Baden-Badens Big Year: Incidents of a Race in Which some Great Colts Were Beaten, Daily Racing Form, 1916-03-13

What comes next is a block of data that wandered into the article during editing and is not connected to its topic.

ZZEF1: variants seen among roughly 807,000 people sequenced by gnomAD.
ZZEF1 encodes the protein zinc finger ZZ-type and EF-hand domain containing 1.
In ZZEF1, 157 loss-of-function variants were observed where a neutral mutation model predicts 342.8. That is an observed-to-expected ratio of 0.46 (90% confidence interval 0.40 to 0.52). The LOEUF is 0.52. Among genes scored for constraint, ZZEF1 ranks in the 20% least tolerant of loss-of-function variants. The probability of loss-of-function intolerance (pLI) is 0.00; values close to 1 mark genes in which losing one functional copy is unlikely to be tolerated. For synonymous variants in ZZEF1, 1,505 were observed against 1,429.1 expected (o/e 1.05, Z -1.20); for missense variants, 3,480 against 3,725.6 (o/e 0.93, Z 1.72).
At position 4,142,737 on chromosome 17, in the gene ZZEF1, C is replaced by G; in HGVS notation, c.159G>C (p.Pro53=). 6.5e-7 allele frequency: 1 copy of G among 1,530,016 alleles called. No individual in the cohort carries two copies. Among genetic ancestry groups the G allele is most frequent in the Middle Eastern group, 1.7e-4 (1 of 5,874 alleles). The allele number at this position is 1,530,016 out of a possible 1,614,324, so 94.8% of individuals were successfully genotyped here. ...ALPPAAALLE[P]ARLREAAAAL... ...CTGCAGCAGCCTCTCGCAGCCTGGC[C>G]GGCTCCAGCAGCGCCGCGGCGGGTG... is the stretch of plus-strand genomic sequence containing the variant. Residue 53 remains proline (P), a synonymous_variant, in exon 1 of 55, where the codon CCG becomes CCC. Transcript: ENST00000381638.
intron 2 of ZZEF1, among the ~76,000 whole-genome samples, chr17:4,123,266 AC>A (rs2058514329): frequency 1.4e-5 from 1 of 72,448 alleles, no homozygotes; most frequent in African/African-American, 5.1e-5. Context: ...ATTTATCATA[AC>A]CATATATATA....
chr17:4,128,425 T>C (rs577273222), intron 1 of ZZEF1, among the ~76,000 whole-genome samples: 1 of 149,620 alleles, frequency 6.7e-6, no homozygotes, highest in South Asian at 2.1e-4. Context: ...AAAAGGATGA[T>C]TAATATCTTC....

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BADEN-BADENS BIG YEAH " INCIDENTS OF A RACE IN WHICH SOME GREAT COLTS WERE BEATEN. d Lror.ard, Vera Cruz, McWhirter and Lisbon Among l the Colcbrities Vanquished by i Australians Son. j ;i t Badfa n«dra waa w t in the lit elans ] as :i ! Id with the remarkable filly .1 Belle of tin- Meade, still he v.mi the Ken- * Derby of is?". Had that daughter of Bonnie Scotland lived to have been a three-year-old it is more than probable the race would i : ■ fa ii won by ;i till v and t ix-ti the winner List yiiir. Regret, would have been robbed of the high Itonor of l fi nir the Brst of her sex to capture the bine ribbon of the k- ntat l.y turi. It was ■ brilliant field that went to the post In tli- Derby of 1877. The race was witnessed by J an attendance which Included in the v;ist throng noli distinguished citinena as senators J. . S. Itlackborn and James B. Beck; governor I.. P. J Btat-kburn, the afterwards governor .1. Praetor Knott and Gen. William Preston. The Derby of ls77 s/aa rnn on Tuesday, Maj 22, and the meet- • Ing nt the Downs that spring waa of seven racing , ii is There were forty-one entries in the Derby ; that year and a field of eleven three -year-okas, one filly and t--n colts, went to the ]«.st. In the auction | I Leonard said the favorite, bringing 90 to 00 for Vera Cruz: 0 for McWhirter; 8 for Bwigerts entry. Baden-Baden and Lisbon coupled, and .sir. for the others as the . field. As ■ two-year-old [canard had been the j lending money-winner of his age, the Nursery Stakes and other rich two-year-old events of 1S70 . falling to him. Hi- was the first of the get of the mighty Longfellow to show high form and the fact , that he was In the stable of II. P. McGrath, the . owner of the first Kentucky Derby winner. Aria- . tides, and ridden l y K. Swim, the noted rider who had won the event the year previous on Vagrant, J explains how be came to be so strongly fancied j for the raee. Leonard ran a good race in the Derby, hut ; waa not equal to the task of leading Baden-Baden , heme, the latter coming with a whirlwind hurst of j peiil at the finish ;m l capturing the event with si comfortable margin to spare. Baden-Baden was J a dark chestnut eoll with a tar in his forehead „ and stood HI hands high. His dam w.i - a hah lister to tie great tour-mile and cap horse Helm-hold, while lie was a lial. -brother to another noted racer in Blue By -s. Major Viley net-d as starter in the Derby that year and had good lack with the field, each horse beginning to a fair start. After the raee Baden-Baden . cliangcd bands, being s,,!d to William Aster , for 112,500, iii whose colon the year prevhma Vagrant had won the Derby. The Di rhy of 1-77 was worth ,998 net to the winner, being an Increase la value both over the year previous, as well as in the inaugural year. The summary ol the ran- of 1S77 la full follows. tin- distance being one mile and a half. 1 Swigorts eh. c, Baden-Baden, by Australian — Lavender, by Wagner, KM . Walker.. 1 II. I*. McGraths br. e, I.eoa.u-.l. by LoagfeUow Colleen Bawn, 100 iswim 2 ■ Smallwood ft Co. a br. e, King William, by Foster—dam by Albion, loo Bailey 3 . Williams and Owiugs b. c, Vera Cruz, by Virgil— Begaa, loo Marphy 4 I Cen. A. I.ufords ch. c, McWhirter, by Enquirer I Ontario, 100 Moore B i It. Bwigerts b. c, Lisbon, by Phaeton — Lady Love, mo Douglas i r. l». Harpers gr. f. Early Light, by Longfol-|m Penny Well- :i7 lames 7 r .!. .1. Men-ells b. c. Oddfellow, by LongfeBow— Magnolia, loo Williams 8 - L. it. fieliis b. e. Headlight, by Bayonet— Olivia, loo Buchan ! l Johnson aV Mills b. c, Dan K.. by Bonnie Bent-land Jennie lane, luu McGrath Id 1 0. II. Kiees br. c, Lewis, by Melbourne Jr. — Magm-tta. 100 Jones 11 I Tina-. 2:88. Daring the meeting of 1S77 William Walker, • who rode Baden-Baden In tin Derby, was given a irarae by the Louisville Jockey club for being the besl behaved rider on that track. This is the horseman who In lati years developed the filly Itonnd the World ad In one season side, ted for ; vo different owners a pan- of wonderful racers. Old Uosi bud and Little Nephew. The season of 1877 was memorable at Louisville as la that year Tea Broeck made three of his then wonderful time records. His two miles in 3:27 1-2 and three miles In 5:26 1-2. are still track records at tlie Downs. Baden-Baden was trained by R. Brown Drown Dick, who afterwards deveteped Ben Brash, the rlnner of the Kentucky Derby of 1896. During civil war times "Brown Dick" rode many horses for the late B. A. Alexander and when be took to training, became one of the most sacces ful train-en of his color of all time. Before he died, now a fi w yean back, be raid: "Baden-Baden uras a great three-year-old and when he hit my care waa allowing every igu of Improving with age. Had be not broke* down so early 1 believe be would have been a great cup horse as a four-year-old." Baden-Baden started In the Clark Stakes In Mr. Asters colon, but ran unplaced, McWhirter wln-nith Vera Cruz secoad, both of which bad finished behind him in the Derby. The distance of that raee was two miles and it was run in 3:80 1-2. which was most phenomenal time in those, days. The • a of Australian was then taken east aad won the Traven Stakes at Baratog beatlag in that event the filly Brademante, famous in liter yean as the dam of the mighty raee horse, flu- Hard. Three at least of the colts beaten by Baden -Laden in the Kentucky Derby will always rank high as brilliant racers la turf annals. These wen Ven Ci-n::. McWhirter and Lisbon. Vera Cruz won the Louisville St. Leger and other important stakes, while McWhirter, after winning the Clark stakes. met death in a raee at St. Louis, in which, after being crippled, lie ran on under three legs and finished the- race, so badly broken dawn he had to be destroyed, it wa this colts gaBant struggle mid tragic death that caaaed the late ten. A. lluforil to write his famous tile of a great horse, in which In- advanced the Idea that a raee hone lias a soul and goes t . heaven when he dies. u*. lion Is better known to racegoers of today as a sii-e than as a turf performer. During a brilliant stud -nicer be Hired many stake- winners and rounded out bis Ktud life by giving the turf Troubadour, one of the greatest racen of the American turf. Hi- del not come to his best early, but after winning tin Suburban Handicap, became WuU-nigb lavluciblu .ml in his older turf days defeated s nli remarkable racen as Miss Woodford and The Bard. Dan K.. which ran only tenth in the Derby of ls77. became a superior selling plater, winning in his racing CUT • total of forty-nine rates.